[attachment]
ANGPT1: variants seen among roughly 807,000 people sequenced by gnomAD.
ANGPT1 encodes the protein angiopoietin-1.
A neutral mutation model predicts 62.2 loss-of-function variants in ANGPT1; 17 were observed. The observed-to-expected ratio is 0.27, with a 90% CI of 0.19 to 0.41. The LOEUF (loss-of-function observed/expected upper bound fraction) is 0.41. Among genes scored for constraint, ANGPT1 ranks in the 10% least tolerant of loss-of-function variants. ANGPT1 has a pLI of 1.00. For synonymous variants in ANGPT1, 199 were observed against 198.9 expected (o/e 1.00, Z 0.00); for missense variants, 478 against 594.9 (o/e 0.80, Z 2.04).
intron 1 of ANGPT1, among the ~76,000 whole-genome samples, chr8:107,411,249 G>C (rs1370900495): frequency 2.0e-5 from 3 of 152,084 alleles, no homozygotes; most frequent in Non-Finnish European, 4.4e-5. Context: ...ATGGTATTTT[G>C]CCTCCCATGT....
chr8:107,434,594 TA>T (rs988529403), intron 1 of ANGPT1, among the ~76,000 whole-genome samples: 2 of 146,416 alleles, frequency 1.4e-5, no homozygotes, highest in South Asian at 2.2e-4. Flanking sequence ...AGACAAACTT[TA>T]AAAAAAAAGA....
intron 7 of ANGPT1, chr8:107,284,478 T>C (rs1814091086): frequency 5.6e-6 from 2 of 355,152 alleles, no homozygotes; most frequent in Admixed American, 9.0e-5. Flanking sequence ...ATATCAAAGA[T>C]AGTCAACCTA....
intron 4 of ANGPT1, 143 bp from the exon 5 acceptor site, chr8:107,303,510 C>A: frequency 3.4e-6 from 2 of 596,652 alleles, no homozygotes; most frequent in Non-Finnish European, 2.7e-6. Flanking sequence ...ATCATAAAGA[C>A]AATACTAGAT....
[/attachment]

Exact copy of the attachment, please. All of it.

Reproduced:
ANGPT1: variants seen among roughly 807,000 people sequenced by gnomAD.
ANGPT1 encodes the protein angiopoietin-1.
A neutral mutation model predicts 62.2 loss-of-function variants in ANGPT1; 17 were observed. The observed-to-expected ratio is 0.27, with a 90% CI of 0.19 to 0.41. The LOEUF (loss-of-function observed/expected upper bound fraction) is 0.41. Among genes scored for constraint, ANGPT1 ranks in the 10% least tolerant of loss-of-function variants. ANGPT1 has a pLI of 1.00. For synonymous variants in ANGPT1, 199 were observed against 198.9 expected (o/e 1.00, Z 0.00); for missense variants, 478 against 594.9 (o/e 0.80, Z 2.04).
intron 1 of ANGPT1, among the ~76,000 whole-genome samples, chr8:107,411,249 G>C (rs1370900495): frequency 2.0e-5 from 3 of 152,084 alleles, no homozygotes; most frequent in Non-Finnish European, 4.4e-5. Context: ...ATGGTATTTT[G>C]CCTCCCATGT....
chr8:107,434,594 TA>T (rs988529403), intron 1 of ANGPT1, among the ~76,000 whole-genome samples: 2 of 146,416 alleles, frequency 1.4e-5, no homozygotes, highest in South Asian at 2.2e-4. Flanking sequence ...AGACAAACTT[TA>T]AAAAAAAAGA....
intron 7 of ANGPT1, chr8:107,284,478 T>C (rs1814091086): frequency 5.6e-6 from 2 of 355,152 alleles, no homozygotes; most frequent in Admixed American, 9.0e-5. Flanking sequence ...ATATCAAAGA[T>C]AGTCAACCTA....
intron 4 of ANGPT1, 143 bp from the exon 5 acceptor site, chr8:107,303,510 C>A: frequency 3.4e-6 from 2 of 596,652 alleles, no homozygotes; most frequent in Non-Finnish European, 2.7e-6. Flanking sequence ...ATCATAAAGA[C>A]AATACTAGAT....